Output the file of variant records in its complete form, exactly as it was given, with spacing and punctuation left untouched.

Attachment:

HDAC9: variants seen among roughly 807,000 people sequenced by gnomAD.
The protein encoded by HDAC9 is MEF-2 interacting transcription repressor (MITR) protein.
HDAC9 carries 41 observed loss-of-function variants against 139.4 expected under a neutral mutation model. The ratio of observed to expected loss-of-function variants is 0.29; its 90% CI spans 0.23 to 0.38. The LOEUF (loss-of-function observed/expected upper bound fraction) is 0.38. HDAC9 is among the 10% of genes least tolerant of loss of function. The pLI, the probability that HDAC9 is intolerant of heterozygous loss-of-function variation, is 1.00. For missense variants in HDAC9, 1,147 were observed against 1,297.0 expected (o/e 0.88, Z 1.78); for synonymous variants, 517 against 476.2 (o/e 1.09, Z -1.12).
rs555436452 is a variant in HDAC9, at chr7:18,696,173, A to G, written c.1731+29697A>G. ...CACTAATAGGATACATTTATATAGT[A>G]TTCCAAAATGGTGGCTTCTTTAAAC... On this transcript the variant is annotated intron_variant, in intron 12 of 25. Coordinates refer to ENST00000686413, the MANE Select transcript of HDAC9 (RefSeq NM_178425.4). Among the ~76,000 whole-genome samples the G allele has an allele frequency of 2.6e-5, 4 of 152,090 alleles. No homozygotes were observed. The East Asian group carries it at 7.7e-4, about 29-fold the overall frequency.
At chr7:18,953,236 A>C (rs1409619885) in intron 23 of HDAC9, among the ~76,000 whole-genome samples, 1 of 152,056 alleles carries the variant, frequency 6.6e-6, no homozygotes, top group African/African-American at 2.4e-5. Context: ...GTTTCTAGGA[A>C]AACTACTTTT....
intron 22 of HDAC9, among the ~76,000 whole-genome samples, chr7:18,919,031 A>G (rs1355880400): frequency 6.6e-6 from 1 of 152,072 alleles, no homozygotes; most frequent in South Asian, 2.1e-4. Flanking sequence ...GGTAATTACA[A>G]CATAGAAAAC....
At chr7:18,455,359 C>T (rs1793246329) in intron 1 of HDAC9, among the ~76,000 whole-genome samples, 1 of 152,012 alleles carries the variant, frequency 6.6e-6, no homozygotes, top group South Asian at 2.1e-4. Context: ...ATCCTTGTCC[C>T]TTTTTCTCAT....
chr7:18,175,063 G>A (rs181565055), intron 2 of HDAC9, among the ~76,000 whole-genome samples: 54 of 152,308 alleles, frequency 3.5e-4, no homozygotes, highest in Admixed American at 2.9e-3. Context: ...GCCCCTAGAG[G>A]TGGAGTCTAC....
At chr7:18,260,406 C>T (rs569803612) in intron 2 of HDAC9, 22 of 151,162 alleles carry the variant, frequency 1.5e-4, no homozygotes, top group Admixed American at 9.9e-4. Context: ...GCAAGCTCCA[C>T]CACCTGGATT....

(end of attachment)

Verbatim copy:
HDAC9: variants seen among roughly 807,000 people sequenced by gnomAD.
The protein encoded by HDAC9 is MEF-2 interacting transcription repressor (MITR) protein.
HDAC9 carries 41 observed loss-of-function variants against 139.4 expected under a neutral mutation model. The ratio of observed to expected loss-of-function variants is 0.29; its 90% CI spans 0.23 to 0.38. The LOEUF (loss-of-function observed/expected upper bound fraction) is 0.38. HDAC9 is among the 10% of genes least tolerant of loss of function. The pLI, the probability that HDAC9 is intolerant of heterozygous loss-of-function variation, is 1.00. For missense variants in HDAC9, 1,147 were observed against 1,297.0 expected (o/e 0.88, Z 1.78); for synonymous variants, 517 against 476.2 (o/e 1.09, Z -1.12).
rs555436452 is a variant in HDAC9, at chr7:18,696,173, A to G, written c.1731+29697A>G. ...CACTAATAGGATACATTTATATAGT[A>G]TTCCAAAATGGTGGCTTCTTTAAAC... On this transcript the variant is annotated intron_variant, in intron 12 of 25. Coordinates refer to ENST00000686413, the MANE Select transcript of HDAC9 (RefSeq NM_178425.4). Among the ~76,000 whole-genome samples the G allele has an allele frequency of 2.6e-5, 4 of 152,090 alleles. No homozygotes were observed. The East Asian group carries it at 7.7e-4, about 29-fold the overall frequency.
At chr7:18,953,236 A>C (rs1409619885) in intron 23 of HDAC9, among the ~76,000 whole-genome samples, 1 of 152,056 alleles carries the variant, frequency 6.6e-6, no homozygotes, top group African/African-American at 2.4e-5. Context: ...GTTTCTAGGA[A>C]AACTACTTTT....
intron 22 of HDAC9, among the ~76,000 whole-genome samples, chr7:18,919,031 A>G (rs1355880400): frequency 6.6e-6 from 1 of 152,072 alleles, no homozygotes; most frequent in South Asian, 2.1e-4. Flanking sequence ...GGTAATTACA[A>G]CATAGAAAAC....
At chr7:18,455,359 C>T (rs1793246329) in intron 1 of HDAC9, among the ~76,000 whole-genome samples, 1 of 152,012 alleles carries the variant, frequency 6.6e-6, no homozygotes, top group South Asian at 2.1e-4. Context: ...ATCCTTGTCC[C>T]TTTTTCTCAT....
chr7:18,175,063 G>A (rs181565055), intron 2 of HDAC9, among the ~76,000 whole-genome samples: 54 of 152,308 alleles, frequency 3.5e-4, no homozygotes, highest in Admixed American at 2.9e-3. Context: ...GCCCCTAGAG[G>A]TGGAGTCTAC....
At chr7:18,260,406 C>T (rs569803612) in intron 2 of HDAC9, 22 of 151,162 alleles carry the variant, frequency 1.5e-4, no homozygotes, top group Admixed American at 9.9e-4. Context: ...GCAAGCTCCA[C>T]CACCTGGATT....